Auggies abroad in the summer

summer_abroadThough the semester program classes have ended at Augsburg for this academic year, students and faculty are still on the move. Starting on the day after last weekend’s commencement ceremony, groups of Auggies departed both to share their musical talents and to study abroad.

The Augsburg Choir

On May 6, the Augsburg Choir, under the direction of Peter Hendrickson ’76, departed for a 12-day tour of the Midwest. With stops in North Dakota, South Dakota, Montana, and Washington state, the Choir will perform nine concerts and have opportunities to connect with potential Auggies and their families as well as alumni and friends of the College. Continue reading “Auggies abroad in the summer”

Auggies are everywhere

intl_auggies1Since the College’s early days, Augsburg has been welcoming students from around the world to live and learn. Some come for a semester or one year, such as the students from our International Partners schools in Norway, Finland, and Germany. Many other international Auggies come to complete their degrees here after hearing about Augsburg through recruiters who travel to their cities and through friends or family members who have studied here.

Even before they arrive in the fall, new international students work closely with Jim Trelstad-Porter, international student advisor, to ensure that they have completed all of the necessary steps to studying in the U.S. Continue reading “Auggies are everywhere”

Auggies aborad: Fia Goldfine in Germany

fia_germanyIn the months preceding my anxiously awaited departure to Bad Mergentheim, Germany I made a few personal preparations. About three months prior to leaving, I began learning the German language and reading all the books I could find on German history and tourist highlights that I wanted to be sure not to miss. Regardless, no amount of studying or research could have prepared me for the shock of landing in Frankfurt among a crowd of German speaking Deutschlanders. Soon after arriving, I took my first ride on the Bahn and made it to the scenic little town of Bad Mergentheim, in which I have spent the last two months studying. Continue reading “Auggies aborad: Fia Goldfine in Germany”

A Thousand Miles for Reconciliation with Rome

pilgrimsEditor’s Note: Andrew and Sarah Wilson will be presenting about their pilgramage at Augsburg’s Founders’ Day celebrations, Nov. 10-11.

On the morning of August 22, 2010, Andrew and Sarah Wilson will depart from the Augustinian priory in Erfurt, Germany, taking the first steps of their thousand-mile pilgrimage to Rome. The Wilsons will follow roughly the same path Augustinian friar Martin Luther trod 500 years ago in 1510.

Augsburg religion professor, Hans Wiersma, will be among those sending the Wilsons off from Erfurt. Wiersma will walk with the couple as far as Coburg, Germany. After the close of their journey on October 31, the Wilsons will travel to Augsburg College to speak at the school’s annual Founders Day celebration in November. Continue reading “A Thousand Miles for Reconciliation with Rome”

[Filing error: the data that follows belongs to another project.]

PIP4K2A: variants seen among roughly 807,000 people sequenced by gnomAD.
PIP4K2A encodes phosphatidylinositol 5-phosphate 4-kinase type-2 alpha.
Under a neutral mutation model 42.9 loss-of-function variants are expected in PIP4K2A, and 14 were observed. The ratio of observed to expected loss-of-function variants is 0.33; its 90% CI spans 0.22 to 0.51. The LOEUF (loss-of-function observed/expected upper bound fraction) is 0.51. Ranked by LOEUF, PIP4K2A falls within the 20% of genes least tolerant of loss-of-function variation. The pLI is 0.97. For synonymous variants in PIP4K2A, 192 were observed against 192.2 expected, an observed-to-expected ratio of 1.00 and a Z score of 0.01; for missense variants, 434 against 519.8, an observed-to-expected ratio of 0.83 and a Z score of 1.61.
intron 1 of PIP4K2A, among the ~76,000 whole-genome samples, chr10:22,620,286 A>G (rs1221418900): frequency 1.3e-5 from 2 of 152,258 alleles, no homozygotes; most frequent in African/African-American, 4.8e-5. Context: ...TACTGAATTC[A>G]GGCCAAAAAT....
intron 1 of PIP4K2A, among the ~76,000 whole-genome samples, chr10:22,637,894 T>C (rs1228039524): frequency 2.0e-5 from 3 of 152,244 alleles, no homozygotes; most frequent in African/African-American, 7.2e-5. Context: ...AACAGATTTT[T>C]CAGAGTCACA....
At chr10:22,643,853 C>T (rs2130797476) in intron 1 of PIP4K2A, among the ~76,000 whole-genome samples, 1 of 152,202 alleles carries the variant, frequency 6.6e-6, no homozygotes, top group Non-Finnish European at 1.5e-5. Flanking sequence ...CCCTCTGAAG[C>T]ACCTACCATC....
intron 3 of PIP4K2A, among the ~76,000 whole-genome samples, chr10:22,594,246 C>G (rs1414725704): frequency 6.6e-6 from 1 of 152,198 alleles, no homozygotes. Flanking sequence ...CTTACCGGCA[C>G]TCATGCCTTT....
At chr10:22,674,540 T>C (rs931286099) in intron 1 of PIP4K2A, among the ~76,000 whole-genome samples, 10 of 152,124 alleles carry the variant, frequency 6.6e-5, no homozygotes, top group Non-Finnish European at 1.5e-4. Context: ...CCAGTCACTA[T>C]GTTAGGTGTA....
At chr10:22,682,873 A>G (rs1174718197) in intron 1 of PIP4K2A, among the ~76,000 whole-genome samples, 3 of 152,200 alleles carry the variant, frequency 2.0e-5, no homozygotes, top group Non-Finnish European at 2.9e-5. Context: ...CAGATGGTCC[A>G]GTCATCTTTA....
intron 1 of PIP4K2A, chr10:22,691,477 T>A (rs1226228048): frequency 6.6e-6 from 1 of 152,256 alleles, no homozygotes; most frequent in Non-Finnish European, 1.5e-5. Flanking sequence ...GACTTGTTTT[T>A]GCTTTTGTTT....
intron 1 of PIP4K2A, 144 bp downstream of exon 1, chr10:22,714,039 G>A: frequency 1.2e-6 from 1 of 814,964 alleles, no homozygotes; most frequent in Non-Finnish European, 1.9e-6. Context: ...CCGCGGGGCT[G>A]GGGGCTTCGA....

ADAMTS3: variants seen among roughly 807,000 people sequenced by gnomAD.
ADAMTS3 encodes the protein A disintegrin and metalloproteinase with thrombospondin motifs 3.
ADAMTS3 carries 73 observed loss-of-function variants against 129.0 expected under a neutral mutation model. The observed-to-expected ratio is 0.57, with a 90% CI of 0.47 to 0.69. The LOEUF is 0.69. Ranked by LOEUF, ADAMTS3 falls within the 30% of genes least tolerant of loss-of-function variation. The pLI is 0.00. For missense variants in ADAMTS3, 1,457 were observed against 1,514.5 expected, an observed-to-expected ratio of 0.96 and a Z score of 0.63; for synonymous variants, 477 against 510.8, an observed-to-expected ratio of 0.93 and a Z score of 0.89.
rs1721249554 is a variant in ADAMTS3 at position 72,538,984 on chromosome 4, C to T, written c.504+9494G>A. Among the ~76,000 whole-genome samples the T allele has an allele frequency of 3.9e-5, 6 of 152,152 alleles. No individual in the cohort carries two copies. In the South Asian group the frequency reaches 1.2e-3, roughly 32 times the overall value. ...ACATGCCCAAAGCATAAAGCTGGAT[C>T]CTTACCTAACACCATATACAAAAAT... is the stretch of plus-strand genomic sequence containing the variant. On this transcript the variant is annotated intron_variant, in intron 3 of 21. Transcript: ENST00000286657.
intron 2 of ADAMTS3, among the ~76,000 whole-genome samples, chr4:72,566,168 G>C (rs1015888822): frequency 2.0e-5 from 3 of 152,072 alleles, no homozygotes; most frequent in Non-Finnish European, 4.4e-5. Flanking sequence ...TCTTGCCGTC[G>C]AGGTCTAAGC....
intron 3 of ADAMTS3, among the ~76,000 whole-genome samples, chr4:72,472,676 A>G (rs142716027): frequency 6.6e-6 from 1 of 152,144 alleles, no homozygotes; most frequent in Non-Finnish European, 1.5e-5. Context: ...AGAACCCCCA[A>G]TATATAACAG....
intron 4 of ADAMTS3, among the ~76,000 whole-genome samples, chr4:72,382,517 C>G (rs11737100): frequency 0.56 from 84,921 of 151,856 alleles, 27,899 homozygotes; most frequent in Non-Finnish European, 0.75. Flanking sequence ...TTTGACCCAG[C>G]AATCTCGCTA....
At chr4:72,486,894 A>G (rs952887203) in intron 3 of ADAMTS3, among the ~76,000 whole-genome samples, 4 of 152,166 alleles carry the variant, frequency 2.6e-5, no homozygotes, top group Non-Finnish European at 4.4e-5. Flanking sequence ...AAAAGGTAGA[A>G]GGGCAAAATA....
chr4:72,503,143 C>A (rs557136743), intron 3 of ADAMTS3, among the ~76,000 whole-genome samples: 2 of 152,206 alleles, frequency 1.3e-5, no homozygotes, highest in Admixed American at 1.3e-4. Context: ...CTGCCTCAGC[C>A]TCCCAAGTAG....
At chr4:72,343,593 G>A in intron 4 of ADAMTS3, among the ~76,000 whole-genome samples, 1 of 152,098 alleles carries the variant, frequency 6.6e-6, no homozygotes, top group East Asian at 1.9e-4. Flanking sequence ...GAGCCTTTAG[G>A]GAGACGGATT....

The Minneapolis – Mosbach exchange

germany_exchangeIn early January, an airplane crossed the Atlantic from the U.S. to the E.U. carrying, among other passengers, Shannon Backes, a junior international business major from Augsburg. Another plane flew in the opposite direction bringing Timo Birkhold from Mosbach, Germany to Minneapolis. The two students have effectively traded places as each spends a semester abroad through the International Partners program.

Backes [pictured left] arrived in Mannheim, Germany on Jan. 13 to attend a two-week German language course at Mannheim University. Following that program, she moved to Mosbach, a small town about two hours from Frankfurt, to begin her studies at Berufsakademie Mosbach. Continue reading “The Minneapolis – Mosbach exchange”

WWII through film and literature

WWII_trip Last month, history professor Jacqui deVries and English/film professor Bob Cowgill led a group of 20 Augsburg students through Germany, Poland, and the Czech Republic. Using literature, film, architecture, and eyewitness accounts, students explored the aftermath of World War II to understand how people made sense of their suffering and now pay homage to the past.

The idea for the trip began when deVries joined a Lilly grant-sponsored trip in Europe to study Martin Luther and the Reformation. There she met tour director Andreas Brecht, and the two discovered a common interest in post-World War II history. Continue reading “WWII through film and literature”